Raine: You have to have thick skin and you have to be strong-willed. It’s probably one the most important traits you need to succeed. You just keep getting those no’s until someone says yes, basically. I feel like I had an easier time with the startup than I did the band. I have letters sitting somewhere in my mom’s basement with all these record labels saying, “No, we’re not into it. We don’t think it’s going to do anything. We pass.”

Yves: Perseverance is definitely something I’ve seen in a lot of successful founders. Having that constant optimism that it’s going to come together. One of the things I found about you when I first met you, was the incredible amount of empathy that you have in everything that you do.

Raine: What I love about the startup world in particular that I find different and distinct from the music business, is that there’s a community that’s really supportive. The entertainment industry is more cutthroat and competitive. Where in the startup world, you have tons of different people doing a lot of different things. They need the same protocols and mechanisms to get to whatever that success ratio is. I really think that people are more apt to help and offer opinions and advice.

Room full of Alongside and Porpoise team membersThe crew plus special guests at Alongside/Porpoise HQ. Panda was camera shy here.

Audience: You still have huge success in music and now you are doing something new. What was surprising to you in the transition?

Raine: The bottom line is that I’m very fortunate I get to do both. Record Mob really actually takes 90% of my time, thankfully OLP’s this well oil-machine at this point. I’m fortunate that I have that to fall back on. I think even mentally, it pays the bills. I put in the 20 years to build that up and now it’s probably going to take 20 years to get this going. Hopefully not. 

Yves: You’ve also been involved in a ton of humanitarian causes. Whats the most recent thing you’ve done?

Raine: About four years ago, myself and a partner of mine in the film business started a thing called “Harmony House”. It’s designed for US soldiers suffering from PTSD. The therapy for them is music to help them deal with the PTSD. We’re trying to find partners to help drive this initiative, because I really just don’t have the bandwidth to properly drive it. It’s close to my heart though. I’m very fortunate to have music. Being in a startup or band for that matter is not nine to five, and it’s stressful on you and your significant others. Music is all encompassing. When I need to escape, I just jump into a closet with a guitar and jam. It’s very healing and very healthy for me. It’s a release for me.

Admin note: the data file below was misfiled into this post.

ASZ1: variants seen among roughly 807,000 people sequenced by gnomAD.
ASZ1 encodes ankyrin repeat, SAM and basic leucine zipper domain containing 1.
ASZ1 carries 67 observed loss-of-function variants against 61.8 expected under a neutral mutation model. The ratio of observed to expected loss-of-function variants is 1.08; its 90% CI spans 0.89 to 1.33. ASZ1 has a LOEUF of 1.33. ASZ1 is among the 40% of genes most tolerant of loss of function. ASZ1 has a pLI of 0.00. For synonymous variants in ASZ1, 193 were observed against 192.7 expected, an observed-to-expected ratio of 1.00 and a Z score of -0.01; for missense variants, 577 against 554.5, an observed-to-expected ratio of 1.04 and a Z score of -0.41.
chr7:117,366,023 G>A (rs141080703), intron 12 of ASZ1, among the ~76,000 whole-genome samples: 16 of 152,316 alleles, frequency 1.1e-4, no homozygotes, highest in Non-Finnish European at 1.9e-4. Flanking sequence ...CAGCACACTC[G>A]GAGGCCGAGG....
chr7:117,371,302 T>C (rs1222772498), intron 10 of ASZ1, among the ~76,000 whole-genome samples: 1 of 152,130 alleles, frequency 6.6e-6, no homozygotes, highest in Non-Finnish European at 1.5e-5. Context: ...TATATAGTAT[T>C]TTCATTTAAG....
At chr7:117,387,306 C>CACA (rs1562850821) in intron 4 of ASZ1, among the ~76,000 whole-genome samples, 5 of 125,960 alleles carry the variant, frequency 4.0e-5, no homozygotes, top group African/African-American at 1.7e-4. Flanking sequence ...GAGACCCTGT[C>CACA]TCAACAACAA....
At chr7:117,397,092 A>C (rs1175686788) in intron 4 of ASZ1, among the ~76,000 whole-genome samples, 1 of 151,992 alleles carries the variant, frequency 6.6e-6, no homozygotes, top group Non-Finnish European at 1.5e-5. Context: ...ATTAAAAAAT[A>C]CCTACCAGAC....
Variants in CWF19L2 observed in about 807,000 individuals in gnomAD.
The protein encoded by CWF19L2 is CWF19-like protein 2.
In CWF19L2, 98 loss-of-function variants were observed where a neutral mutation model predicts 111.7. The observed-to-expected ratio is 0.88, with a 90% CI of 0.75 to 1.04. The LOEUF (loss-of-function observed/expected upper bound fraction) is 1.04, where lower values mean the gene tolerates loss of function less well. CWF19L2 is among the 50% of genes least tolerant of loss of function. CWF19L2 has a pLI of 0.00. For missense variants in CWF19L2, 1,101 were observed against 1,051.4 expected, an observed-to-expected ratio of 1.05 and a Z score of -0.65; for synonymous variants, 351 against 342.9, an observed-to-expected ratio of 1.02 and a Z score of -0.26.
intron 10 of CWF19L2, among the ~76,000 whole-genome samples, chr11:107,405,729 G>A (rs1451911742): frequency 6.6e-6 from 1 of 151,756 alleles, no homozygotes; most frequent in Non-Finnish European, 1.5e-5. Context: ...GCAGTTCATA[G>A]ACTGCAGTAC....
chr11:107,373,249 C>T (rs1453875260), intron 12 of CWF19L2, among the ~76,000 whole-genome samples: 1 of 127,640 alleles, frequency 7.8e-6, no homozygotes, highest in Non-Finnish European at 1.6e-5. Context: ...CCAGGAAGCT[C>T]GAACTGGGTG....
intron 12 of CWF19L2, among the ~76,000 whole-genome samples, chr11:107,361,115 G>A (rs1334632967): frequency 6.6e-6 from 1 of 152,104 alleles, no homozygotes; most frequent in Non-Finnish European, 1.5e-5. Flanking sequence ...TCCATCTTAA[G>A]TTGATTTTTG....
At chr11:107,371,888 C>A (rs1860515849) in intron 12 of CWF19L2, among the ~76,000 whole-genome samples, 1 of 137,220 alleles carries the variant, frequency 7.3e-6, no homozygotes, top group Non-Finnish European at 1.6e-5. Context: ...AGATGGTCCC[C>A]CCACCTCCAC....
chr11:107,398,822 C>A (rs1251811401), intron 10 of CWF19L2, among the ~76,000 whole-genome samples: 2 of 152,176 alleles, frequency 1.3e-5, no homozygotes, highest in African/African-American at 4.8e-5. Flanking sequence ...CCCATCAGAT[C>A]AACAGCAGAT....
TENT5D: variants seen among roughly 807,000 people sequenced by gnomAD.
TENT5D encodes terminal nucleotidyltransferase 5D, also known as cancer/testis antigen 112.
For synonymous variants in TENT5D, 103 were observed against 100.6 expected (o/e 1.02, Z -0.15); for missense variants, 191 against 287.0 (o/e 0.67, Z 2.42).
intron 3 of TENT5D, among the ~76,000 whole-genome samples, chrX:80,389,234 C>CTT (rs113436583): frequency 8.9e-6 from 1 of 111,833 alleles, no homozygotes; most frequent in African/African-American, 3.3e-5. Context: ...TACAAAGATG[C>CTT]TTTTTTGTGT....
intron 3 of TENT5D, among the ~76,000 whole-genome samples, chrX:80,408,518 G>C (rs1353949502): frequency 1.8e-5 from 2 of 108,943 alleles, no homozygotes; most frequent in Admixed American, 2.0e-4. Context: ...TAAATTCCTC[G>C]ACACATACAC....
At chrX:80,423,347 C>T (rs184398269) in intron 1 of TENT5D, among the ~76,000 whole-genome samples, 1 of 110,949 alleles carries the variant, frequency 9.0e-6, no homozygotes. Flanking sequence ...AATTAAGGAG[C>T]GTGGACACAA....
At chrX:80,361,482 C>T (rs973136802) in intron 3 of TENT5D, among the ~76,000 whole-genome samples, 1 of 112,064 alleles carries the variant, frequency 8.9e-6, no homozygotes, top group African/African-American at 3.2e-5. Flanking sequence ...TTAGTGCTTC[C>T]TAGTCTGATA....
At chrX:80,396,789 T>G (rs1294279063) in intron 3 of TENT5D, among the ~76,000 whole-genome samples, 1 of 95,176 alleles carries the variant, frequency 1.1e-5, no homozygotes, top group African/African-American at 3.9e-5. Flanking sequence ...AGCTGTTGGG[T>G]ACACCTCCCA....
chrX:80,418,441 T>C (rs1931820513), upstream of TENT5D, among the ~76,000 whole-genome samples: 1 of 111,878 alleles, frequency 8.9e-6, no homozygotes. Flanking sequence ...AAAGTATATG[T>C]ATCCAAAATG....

Audience: How has what brings you joy and meaning through the years changed?

Raine: My kids bring me so much joy. I have three young boys, ages 12, 11 and 8. They teach me a lot. I love watching my kids be interested in what I’m doing and helping me drive it forward. It’s amazing seeing them grow and I learn so much from them.

Audience: As a music artist, you really get to go with your style and produce what you love. I’m curious, when you’re developing a product, you really can’t take a, “we want to develop our thing”. It’s really like, you have to go and find what the market wants and make sure that it has value for others. How do you approach that?

Raine: I really think that even with product, you have to find your unique lane. Create something original. For producing music, I have a voice that I can’t adapt. It’s timing, its luck. I think that applies to product as well. There’s something intrinsic in all of us – passion. I know a few people who have tried startups, and you could tell it just wasn’t their passion, but they were doing it because they saw that carrot dangling, or they felt like there was a revenue model that was viable. At the end of the day, if you’re not really passionate about it, it’s going to fall by the wayside. Whether it works or not, you really need to be all in something.

Audience: What are the best marketing channels in your point of view that were most effective for more awareness of your product? Word-of-mouth, social nets, which are effective?”

Raine: Yeah we spent a lot of time drilling down on digital marketing, and I thought we had a really solid plan. I think it’s funny, at the end of the day, with all the technology in our hands, its really all about people. It’s grassroots, it’s no different to how the music business was to me. You can spend all the money on the planet on radio, video, etc., but we’re still very peer-driven. You want to hear from your friend, “You’ve got to get this app. Or, you got to listen to this band. Or you got to go see that movie.” Everyone’s trying to tell each other what the next best series on Netflix is, right? We’re human beings, I don’t think you can ever beat that. That’s really the litmus test for something, if it’s sticky or not. 

Yves: I’m really glad we were able to set this up. It was kinda a shot in the dark, by the way. I just emailed, I was like, “Fuck it, I’m just going to go for it.”

Raine: Yeah, I feel alive though. Coming and doing this, I have a motto that I take every meeting. I think you have to. You’re going to glean something from every meeting, good or bad. It’s time consuming. I have three kids, I have a wife, I have a band to take care of. I love this, it’s energizing and exciting.

 Raine with a dog
Panda with Raine. She’s practicing for Global Pet Foods Pet Calendar 2017

Having Raine spend the afternoon with us at Alongside HQ was special to say the very least. Thank you Raine for inspiring us and for the concert tickets. It was a great show!

Here’s the audio file for your listening pleasure:

Subscribe to our newsletter today. You won’t regret it.